Sisters of liberty

A group of nuns have won their case against the Obamacare contraception mandate. But their religious exemption is only required because of the government's encroachment

Rebecca Hecht

There is a group of doctors involved with the Affordable Care Act (“Obamacare”) who don’t wear white coats, take the Hippocratic Oath, or seem to know much at all about medicine. The spin doctors on the Left are usually more effective (a 2011 advertisement showed a Paul Ryan lookalike toss his wheelchair-bound granny off a cliff, as a response to the Congressman’s plan to cut Medicare) than their counterparts on the Right.

 But the latter were given a publicity miracle when the Little Sisters of the Poor, a group of nuns who care for the elderly indigent, became, in 2011, the bewimpled face of the 200 groups fighting against the Obamacare contraception mandate, which required non-profit religious organisations (universities, hospitals and charities) and for-profit companies to provide their employees with a health insurance plan covering the full costs of contraception. The nuns claimed it would be “immoral and sinful for them to intentionally facilitate the provision of contraceptives” and sued the government.

With these cases still stuck in the courts, President Trump announced last month that any organisation with “sincerely held religious beliefs” or “sincerely held moral convictions” can be exempt from the mandate. And with that, the Little Sisters of the Poor became the Big Heroes of the Pious.

Conservatives and religious groups saw Trump’s move as an affirmation of religious liberty — and it was. But is a religious exemption cause for celebration?

In the United States, few can recite the Bill of Rights by heart, but almost all know that the guarantee of religious liberty is in there somewhere, and that a desire for that particular liberty was a main drive for the colonisation of the country 250 years ago. The religious and conscience-based exemption is elemental to this guarantee. But these exemptions are only required when government meddles in and dictates the specifics of our daily lives. Rather than demonstrating how free a society is, a religious exemption is one of the clearest symptoms of a diseased government, one that encroaches upon the most personal activities and beliefs of its citizens. When the religious feel threatened, it’s then up to the government to determine what practices are allowed to stand and who is sincere in his beliefs, i.e., more meddling.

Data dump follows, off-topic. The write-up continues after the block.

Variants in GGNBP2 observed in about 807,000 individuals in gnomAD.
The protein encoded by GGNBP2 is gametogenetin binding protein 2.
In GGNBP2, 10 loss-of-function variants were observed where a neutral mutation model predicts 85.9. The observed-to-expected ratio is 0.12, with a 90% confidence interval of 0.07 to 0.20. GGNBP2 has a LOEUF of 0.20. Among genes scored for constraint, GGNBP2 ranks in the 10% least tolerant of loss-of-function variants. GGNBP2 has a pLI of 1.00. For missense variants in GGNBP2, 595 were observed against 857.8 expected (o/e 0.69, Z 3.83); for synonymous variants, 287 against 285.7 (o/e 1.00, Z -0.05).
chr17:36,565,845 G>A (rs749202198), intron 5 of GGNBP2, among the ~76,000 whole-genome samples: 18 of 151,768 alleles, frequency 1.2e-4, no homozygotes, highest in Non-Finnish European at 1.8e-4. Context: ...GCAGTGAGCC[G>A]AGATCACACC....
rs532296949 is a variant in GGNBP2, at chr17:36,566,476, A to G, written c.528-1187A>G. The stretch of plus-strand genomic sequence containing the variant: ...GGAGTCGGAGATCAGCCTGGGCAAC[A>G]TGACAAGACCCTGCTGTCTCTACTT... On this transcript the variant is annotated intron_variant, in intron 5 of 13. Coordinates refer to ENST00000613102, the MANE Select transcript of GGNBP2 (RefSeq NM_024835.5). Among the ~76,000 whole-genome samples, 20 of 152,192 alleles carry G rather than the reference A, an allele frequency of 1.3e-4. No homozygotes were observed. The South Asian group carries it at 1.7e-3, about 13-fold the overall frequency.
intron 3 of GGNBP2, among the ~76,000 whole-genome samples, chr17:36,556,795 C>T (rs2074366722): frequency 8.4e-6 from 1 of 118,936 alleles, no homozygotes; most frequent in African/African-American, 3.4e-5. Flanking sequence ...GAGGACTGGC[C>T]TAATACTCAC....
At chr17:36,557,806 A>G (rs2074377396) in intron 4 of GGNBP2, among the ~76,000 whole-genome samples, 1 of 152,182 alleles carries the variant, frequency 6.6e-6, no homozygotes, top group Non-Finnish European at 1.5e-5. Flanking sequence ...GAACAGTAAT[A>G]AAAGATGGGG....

While Republicans champion victory for the nuns, they miss the critical issue in this whole story: why should the government demand that all health insurance policies provide free birth control in the first place? John Cochrane, professor of finance at the University of Chicago, put it well when he wondered how birth control could possibly fit within the bounds of “insurance”: “a contract, by which a company pays for large, unanticipated expenses in return for a premium”. The Obama Administration claimed there were medical and economic reasons for the free contraceptives: “Scientists have abundant evidence that birth control has significant health benefits for women and their families, is documented to significantly reduce health costs, and is the most commonly taken drug in America by young and middle-aged women.”

Hardly any other medical expenses in the US (including those arguably more necessary) are completely on the house. That contraception is the freebie du jour suggests that something other than health benefit is at work here. Trump’s broadening of the religious exemption does not cure all the problems of the birth control mandate, but it is far better than the former Administration’s assault on the Little Sisters — and on the rest of us Americans.

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